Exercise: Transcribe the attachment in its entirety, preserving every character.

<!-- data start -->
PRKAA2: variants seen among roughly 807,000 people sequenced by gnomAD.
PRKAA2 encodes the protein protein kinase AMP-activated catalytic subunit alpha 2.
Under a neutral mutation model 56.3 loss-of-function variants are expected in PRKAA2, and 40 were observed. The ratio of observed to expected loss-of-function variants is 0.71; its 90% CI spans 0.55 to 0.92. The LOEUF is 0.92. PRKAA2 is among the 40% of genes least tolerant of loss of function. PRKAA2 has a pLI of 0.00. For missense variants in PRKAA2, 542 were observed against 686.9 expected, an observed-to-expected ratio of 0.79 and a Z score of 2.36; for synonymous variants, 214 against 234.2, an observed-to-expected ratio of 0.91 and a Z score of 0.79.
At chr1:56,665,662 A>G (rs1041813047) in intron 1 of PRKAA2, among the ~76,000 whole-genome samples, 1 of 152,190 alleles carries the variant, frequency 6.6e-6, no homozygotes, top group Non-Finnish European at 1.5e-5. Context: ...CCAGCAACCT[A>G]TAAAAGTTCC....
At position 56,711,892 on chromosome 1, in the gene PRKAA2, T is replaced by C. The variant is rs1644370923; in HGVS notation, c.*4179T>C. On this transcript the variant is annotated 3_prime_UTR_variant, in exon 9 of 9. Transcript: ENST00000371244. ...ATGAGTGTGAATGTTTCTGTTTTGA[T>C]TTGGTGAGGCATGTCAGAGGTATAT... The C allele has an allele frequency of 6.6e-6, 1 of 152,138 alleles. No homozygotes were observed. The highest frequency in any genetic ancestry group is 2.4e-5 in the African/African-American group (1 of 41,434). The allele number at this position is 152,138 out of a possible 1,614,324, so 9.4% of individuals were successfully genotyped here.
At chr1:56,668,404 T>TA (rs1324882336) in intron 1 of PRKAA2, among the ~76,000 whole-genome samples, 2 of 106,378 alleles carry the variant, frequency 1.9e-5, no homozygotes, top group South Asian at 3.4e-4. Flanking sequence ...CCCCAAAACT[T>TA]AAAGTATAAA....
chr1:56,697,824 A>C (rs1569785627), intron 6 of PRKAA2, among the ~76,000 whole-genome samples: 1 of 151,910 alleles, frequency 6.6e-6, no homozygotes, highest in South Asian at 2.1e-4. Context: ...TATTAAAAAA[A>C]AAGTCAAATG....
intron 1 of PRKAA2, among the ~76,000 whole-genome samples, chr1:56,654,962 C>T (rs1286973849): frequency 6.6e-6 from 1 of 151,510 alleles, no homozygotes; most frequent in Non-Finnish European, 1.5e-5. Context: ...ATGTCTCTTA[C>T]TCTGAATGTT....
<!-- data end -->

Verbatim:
PRKAA2: variants seen among roughly 807,000 people sequenced by gnomAD.
PRKAA2 encodes the protein protein kinase AMP-activated catalytic subunit alpha 2.
Under a neutral mutation model 56.3 loss-of-function variants are expected in PRKAA2, and 40 were observed. The ratio of observed to expected loss-of-function variants is 0.71; its 90% CI spans 0.55 to 0.92. The LOEUF is 0.92. PRKAA2 is among the 40% of genes least tolerant of loss of function. PRKAA2 has a pLI of 0.00. For missense variants in PRKAA2, 542 were observed against 686.9 expected, an observed-to-expected ratio of 0.79 and a Z score of 2.36; for synonymous variants, 214 against 234.2, an observed-to-expected ratio of 0.91 and a Z score of 0.79.
At chr1:56,665,662 A>G (rs1041813047) in intron 1 of PRKAA2, among the ~76,000 whole-genome samples, 1 of 152,190 alleles carries the variant, frequency 6.6e-6, no homozygotes, top group Non-Finnish European at 1.5e-5. Context: ...CCAGCAACCT[A>G]TAAAAGTTCC....
At position 56,711,892 on chromosome 1, in the gene PRKAA2, T is replaced by C. The variant is rs1644370923; in HGVS notation, c.*4179T>C. On this transcript the variant is annotated 3_prime_UTR_variant, in exon 9 of 9. Transcript: ENST00000371244. ...ATGAGTGTGAATGTTTCTGTTTTGA[T>C]TTGGTGAGGCATGTCAGAGGTATAT... The C allele has an allele frequency of 6.6e-6, 1 of 152,138 alleles. No homozygotes were observed. The highest frequency in any genetic ancestry group is 2.4e-5 in the African/African-American group (1 of 41,434). The allele number at this position is 152,138 out of a possible 1,614,324, so 9.4% of individuals were successfully genotyped here.
At chr1:56,668,404 T>TA (rs1324882336) in intron 1 of PRKAA2, among the ~76,000 whole-genome samples, 2 of 106,378 alleles carry the variant, frequency 1.9e-5, no homozygotes, top group South Asian at 3.4e-4. Flanking sequence ...CCCCAAAACT[T>TA]AAAGTATAAA....
chr1:56,697,824 A>C (rs1569785627), intron 6 of PRKAA2, among the ~76,000 whole-genome samples: 1 of 151,910 alleles, frequency 6.6e-6, no homozygotes, highest in South Asian at 2.1e-4. Context: ...TATTAAAAAA[A>C]AAGTCAAATG....
intron 1 of PRKAA2, among the ~76,000 whole-genome samples, chr1:56,654,962 C>T (rs1286973849): frequency 6.6e-6 from 1 of 151,510 alleles, no homozygotes; most frequent in Non-Finnish European, 1.5e-5. Context: ...ATGTCTCTTA[C>T]TCTGAATGTT....